171: 
  172: Currently, the NetBSD website is written in HTML and Docbook and requires many 
  173: tools to be edited and committed. The final goal should be to have just a small 
  174: homepage with a bit important information, but all the essential technical 
  175: information should be in the wiki. There's also a separate page for this: 
  176: [[htdocs_migration]].
  177: 
  178: Though the plan is currently to migrate *all* contents to the wiki, I don't 
  179: think this is the way to go. A wiki just doesn't leave a good impression.
  180: 
  181: ## NetBSD community and marketing
  182: 
  183: Just some thoughts... I think NetBSD has a very bad way of making technical 
  184: ecisions which are counterproductive from a marketing point of view, or just are 
  185: not used for marketing purposes.
  186: 
  187: The world has changed; nowadays, there's a growing *hacker community* which 
  188: consists of many people with an age below 30. They're just not used to the 
  189: flexibility of the old tools Unix provides, and to the flexibility you have 
  190: with a modern Linux.
  191: 
  192: There are repeating questions why NetBSD doesn't use git as its primary VCS, but 
  193: rather CVS. CVS *is* indeed a very mighty tool, but many people don't know. They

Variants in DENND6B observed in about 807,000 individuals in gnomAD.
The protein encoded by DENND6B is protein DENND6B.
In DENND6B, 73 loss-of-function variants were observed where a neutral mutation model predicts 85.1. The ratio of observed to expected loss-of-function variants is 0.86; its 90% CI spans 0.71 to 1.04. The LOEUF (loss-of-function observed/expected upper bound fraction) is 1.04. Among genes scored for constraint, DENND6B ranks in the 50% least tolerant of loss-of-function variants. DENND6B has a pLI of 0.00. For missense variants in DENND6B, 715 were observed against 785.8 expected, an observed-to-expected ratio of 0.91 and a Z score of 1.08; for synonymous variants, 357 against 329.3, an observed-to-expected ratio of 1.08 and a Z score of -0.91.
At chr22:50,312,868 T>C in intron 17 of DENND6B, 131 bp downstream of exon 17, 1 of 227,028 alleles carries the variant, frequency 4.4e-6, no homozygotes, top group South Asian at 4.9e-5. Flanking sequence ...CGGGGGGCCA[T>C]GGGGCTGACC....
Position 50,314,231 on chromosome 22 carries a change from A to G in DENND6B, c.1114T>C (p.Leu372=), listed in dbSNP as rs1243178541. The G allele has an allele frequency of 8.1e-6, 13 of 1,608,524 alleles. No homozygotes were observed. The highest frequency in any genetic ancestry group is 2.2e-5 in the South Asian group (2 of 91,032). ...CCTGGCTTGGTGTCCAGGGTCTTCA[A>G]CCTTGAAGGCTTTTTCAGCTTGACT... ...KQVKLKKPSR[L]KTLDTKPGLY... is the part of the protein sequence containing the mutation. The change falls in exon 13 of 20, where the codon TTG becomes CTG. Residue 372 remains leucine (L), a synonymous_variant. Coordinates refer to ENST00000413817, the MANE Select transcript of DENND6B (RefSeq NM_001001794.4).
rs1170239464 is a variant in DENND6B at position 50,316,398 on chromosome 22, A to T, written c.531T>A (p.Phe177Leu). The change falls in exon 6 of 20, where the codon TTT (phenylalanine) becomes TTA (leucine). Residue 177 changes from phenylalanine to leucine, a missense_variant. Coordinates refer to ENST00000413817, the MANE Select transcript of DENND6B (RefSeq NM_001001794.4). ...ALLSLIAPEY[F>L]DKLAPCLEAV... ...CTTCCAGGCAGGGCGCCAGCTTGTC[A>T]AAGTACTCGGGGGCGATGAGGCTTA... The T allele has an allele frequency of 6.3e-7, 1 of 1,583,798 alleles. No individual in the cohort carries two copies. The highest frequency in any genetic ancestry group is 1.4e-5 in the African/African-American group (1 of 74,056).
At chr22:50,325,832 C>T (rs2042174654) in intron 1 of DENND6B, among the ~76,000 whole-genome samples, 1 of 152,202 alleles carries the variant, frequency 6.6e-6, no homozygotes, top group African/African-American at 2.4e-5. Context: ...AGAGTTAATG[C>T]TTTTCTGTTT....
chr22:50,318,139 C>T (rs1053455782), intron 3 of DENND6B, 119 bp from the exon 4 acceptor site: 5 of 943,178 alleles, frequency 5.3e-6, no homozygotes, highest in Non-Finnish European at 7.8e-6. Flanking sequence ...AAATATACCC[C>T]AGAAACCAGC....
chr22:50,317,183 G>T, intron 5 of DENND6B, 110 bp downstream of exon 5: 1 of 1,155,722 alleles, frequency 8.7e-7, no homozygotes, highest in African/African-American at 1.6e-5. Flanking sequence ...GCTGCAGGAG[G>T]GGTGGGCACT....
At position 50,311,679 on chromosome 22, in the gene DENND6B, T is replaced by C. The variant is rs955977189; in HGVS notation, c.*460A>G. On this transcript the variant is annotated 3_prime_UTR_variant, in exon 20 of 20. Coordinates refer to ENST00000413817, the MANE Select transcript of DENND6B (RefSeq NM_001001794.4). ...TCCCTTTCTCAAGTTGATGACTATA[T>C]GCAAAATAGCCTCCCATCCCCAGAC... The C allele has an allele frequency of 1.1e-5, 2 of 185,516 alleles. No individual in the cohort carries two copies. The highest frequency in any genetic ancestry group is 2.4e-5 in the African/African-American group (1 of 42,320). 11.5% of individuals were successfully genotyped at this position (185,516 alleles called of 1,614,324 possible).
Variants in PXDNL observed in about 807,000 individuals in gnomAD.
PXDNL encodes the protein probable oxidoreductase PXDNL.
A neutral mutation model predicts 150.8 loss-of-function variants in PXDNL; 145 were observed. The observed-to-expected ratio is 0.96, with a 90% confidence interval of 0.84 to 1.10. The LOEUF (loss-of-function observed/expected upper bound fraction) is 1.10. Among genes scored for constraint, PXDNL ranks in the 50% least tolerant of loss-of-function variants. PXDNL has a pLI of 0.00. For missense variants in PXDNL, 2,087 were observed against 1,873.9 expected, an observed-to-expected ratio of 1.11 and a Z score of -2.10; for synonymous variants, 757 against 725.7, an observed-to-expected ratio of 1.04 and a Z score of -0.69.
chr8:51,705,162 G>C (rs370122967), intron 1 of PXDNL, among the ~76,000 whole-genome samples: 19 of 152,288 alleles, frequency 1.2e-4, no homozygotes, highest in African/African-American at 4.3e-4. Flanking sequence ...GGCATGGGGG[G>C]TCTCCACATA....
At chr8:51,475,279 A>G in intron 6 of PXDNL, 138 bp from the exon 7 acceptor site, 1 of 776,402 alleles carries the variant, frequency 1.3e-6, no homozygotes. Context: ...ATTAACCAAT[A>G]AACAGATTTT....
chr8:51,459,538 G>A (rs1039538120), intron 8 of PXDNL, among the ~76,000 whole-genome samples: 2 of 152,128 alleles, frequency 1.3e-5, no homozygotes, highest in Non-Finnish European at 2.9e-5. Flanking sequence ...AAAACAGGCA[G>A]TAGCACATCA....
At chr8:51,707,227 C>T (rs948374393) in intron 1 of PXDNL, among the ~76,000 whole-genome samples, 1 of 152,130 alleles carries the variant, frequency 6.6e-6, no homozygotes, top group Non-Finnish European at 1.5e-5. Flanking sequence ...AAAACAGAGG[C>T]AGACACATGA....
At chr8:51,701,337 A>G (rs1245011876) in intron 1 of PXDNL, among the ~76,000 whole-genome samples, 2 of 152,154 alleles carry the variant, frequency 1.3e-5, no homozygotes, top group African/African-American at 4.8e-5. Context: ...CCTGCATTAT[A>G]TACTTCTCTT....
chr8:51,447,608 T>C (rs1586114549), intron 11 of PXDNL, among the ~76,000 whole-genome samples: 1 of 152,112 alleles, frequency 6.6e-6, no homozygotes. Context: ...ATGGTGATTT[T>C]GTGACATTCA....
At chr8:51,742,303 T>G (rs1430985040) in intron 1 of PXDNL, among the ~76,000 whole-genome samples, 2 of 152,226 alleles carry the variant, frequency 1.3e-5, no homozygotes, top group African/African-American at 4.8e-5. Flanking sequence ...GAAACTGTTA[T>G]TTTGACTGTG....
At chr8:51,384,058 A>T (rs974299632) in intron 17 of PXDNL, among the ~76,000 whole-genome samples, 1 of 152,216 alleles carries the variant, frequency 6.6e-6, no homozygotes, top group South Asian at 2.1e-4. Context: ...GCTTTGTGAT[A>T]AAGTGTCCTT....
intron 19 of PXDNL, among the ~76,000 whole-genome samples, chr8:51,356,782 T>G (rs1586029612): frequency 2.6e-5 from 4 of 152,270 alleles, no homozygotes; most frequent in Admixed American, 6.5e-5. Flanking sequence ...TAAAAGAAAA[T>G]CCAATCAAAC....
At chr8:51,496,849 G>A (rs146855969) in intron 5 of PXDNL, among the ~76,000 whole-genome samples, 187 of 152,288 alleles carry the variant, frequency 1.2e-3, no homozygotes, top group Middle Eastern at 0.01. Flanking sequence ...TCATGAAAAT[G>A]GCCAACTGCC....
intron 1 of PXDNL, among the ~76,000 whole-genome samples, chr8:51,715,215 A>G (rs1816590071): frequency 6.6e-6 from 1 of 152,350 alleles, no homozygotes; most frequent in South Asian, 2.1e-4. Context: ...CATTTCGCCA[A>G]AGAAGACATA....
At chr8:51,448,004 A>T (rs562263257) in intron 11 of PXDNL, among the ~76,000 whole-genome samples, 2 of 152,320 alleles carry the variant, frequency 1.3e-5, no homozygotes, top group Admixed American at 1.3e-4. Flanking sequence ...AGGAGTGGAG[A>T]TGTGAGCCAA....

194: like git more because they can explicitly `push` with it (and don't know about 
  195: hooks in CVS or Subversion).
  196: The same holds for many other decisions.
  197: 
  198: NetBSD has a very... oldish view of how a community should be organised. On the 
  199: one hand, there are the developers, which are coding the project, maintaining 
  200: the website, maintaining packages, maintaining documentation, organising events, 
  201: organising NetBSD itself... and on the other hand, there are the users. They're 
  202: rather consumers than contributors.
  203: 
  204: The few ones which want to contribute are doing so, and after some time becoming 
  205: developers with the right and possibility to do everything, but there's nothing
  206: in between. There's only few community involvement overall, though there are
  207: many topics which don't require a developer status.
  208: I think breaking with the old habits and providing more community involvement 
  209: and community support is the way to go, but except for starting with a 
  210: user-editable wiki, I don't have many ideas how to do so.
  211: 
  212: ## NetBSD current
  213: 
  214: The same problem exists imho with the release cycle. The standard release cycle 
  215: of NetBSD is too slow for many people who use it privately (just see how 
  216: wide-distributed Arch Linux got), and tracking current is a rather obscure thing 
  217: with compiling things on your own, etc. ...
  218: And it's not well-documented. There *are* changes, but who knows them? Which was 
  219: the current version where tmux was imported? Etc.
  220: 
  221: Tracking these changes more centrally, and providing a nice way to install and 
  222: track a current installation would be a great benefit for NetBSD.